Grey Wattle, Grey Mulga, Silver Mulga.
Brachybotrya, from Greek brachys, short, and botrys, bunch of grapes or racemes, as the inflorescences (flower structures) are typically much shorter than the "leaves".
Presence in Australia
Widespread in the western and north-western areas on lighter soils. Mainly west of the Olympic Highway.
This specie has been identified in the following Australian states: NSW, ACT, Vic, SA, NT.
Mainly in mallee. Common on red earths.
Erect or spreading grey to grey-green shrub, 1-4m high, with downy branches.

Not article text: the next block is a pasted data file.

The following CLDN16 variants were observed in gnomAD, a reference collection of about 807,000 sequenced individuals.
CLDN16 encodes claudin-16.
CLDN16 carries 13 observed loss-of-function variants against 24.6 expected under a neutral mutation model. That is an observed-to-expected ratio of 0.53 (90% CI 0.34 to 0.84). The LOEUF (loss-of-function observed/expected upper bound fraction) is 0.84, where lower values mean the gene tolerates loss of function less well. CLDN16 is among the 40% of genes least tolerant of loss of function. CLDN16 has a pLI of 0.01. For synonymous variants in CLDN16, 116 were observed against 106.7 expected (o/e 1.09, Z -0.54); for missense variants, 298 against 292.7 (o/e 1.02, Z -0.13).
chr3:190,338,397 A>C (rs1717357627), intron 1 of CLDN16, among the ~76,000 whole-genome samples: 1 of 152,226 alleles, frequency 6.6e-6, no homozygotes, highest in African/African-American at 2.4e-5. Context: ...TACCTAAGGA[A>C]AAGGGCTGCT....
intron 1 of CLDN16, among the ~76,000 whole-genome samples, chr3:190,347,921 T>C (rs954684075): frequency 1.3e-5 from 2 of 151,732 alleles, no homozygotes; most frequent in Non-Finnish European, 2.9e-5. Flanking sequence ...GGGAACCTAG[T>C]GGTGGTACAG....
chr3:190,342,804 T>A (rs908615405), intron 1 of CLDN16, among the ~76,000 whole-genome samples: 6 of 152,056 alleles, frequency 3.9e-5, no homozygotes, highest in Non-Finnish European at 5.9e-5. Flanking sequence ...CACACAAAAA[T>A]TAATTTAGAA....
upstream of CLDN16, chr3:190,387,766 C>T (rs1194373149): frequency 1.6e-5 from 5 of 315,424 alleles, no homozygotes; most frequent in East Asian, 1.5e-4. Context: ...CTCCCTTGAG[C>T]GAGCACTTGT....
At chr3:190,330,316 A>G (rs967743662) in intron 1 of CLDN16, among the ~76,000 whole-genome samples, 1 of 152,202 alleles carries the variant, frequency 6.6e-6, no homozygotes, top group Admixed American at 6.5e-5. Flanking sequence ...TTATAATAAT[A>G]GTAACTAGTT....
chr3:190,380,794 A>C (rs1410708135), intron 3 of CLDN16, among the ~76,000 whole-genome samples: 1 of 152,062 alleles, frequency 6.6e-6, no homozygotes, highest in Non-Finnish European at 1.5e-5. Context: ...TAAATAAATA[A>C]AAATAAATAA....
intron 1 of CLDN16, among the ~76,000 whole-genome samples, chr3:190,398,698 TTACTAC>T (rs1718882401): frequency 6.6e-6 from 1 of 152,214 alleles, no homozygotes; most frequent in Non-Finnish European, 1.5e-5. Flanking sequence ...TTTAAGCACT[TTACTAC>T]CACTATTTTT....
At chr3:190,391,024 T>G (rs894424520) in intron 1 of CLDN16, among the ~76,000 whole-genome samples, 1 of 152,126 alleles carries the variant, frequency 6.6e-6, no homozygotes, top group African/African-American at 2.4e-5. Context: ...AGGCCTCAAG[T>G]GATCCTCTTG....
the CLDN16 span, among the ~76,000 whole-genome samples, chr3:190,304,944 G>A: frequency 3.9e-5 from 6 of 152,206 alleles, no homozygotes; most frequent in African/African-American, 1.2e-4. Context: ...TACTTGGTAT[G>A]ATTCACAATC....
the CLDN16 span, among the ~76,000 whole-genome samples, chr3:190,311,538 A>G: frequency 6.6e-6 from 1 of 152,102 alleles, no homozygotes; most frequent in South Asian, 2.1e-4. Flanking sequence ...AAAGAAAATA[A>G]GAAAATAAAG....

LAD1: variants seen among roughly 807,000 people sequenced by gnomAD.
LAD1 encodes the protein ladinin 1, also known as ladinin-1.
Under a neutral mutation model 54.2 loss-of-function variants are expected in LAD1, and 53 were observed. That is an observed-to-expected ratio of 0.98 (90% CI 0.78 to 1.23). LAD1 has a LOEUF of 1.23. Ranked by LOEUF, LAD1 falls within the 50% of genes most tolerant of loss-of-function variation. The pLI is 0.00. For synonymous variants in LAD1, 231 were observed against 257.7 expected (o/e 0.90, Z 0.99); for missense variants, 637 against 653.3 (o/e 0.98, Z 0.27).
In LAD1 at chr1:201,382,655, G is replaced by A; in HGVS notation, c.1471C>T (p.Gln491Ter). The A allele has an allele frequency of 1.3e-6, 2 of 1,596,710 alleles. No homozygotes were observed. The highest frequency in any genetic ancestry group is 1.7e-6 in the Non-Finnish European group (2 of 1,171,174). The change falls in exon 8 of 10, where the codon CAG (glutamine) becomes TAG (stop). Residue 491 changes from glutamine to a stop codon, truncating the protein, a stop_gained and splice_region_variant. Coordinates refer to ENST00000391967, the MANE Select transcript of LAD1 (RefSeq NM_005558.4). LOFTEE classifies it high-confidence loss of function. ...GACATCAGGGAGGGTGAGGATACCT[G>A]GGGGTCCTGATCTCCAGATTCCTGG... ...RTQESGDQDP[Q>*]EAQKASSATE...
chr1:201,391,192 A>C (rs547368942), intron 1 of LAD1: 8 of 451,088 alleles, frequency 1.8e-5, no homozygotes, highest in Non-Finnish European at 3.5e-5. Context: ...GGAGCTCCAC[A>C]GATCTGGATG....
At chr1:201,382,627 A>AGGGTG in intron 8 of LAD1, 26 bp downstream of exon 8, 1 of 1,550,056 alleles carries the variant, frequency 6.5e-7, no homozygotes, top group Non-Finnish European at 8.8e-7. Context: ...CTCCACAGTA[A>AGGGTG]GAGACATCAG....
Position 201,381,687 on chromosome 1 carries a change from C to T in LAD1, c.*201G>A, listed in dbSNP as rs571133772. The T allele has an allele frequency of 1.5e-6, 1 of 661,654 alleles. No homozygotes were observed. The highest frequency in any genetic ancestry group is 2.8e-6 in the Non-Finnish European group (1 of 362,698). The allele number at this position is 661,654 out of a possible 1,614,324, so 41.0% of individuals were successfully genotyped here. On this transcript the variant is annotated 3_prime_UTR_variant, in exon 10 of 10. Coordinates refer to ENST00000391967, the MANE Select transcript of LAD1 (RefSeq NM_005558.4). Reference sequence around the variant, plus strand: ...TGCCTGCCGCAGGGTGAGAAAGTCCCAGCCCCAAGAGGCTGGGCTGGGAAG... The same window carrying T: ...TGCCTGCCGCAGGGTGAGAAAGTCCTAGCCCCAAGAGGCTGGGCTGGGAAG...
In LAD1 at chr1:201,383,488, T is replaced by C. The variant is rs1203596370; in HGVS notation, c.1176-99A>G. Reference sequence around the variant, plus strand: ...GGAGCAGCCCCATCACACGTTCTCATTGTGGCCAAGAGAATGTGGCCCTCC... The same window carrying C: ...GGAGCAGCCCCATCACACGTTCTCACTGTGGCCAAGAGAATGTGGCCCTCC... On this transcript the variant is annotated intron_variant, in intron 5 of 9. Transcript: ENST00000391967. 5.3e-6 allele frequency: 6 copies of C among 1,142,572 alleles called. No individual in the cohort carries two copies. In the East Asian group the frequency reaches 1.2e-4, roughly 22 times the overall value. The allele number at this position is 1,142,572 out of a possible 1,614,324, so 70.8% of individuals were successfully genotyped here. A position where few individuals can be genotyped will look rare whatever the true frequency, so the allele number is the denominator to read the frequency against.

May be confused with Box-leaf Wattle (A. buxifolia). Distinguish by different habitats and "leaves".
Relatively well-drained soil.
Moderate growth rate.
Golden-yellow, Jul-Sept. Abundant.
Mid Nov to late Jan. Monitor closely as seeds released immediately or 1-2 days after maturity.
From scarified seed.
From seed or stem after fire.
Shade and shelter
Useful low-level cover in windbreaks.
Useful for stabilising sandy country near watercourses. Legume, improves soil fertility by "fixing" nitrogen.
Good dense understorey for bird cover. Seeds eaten by various native birds.
Decorative ornamental for gardens.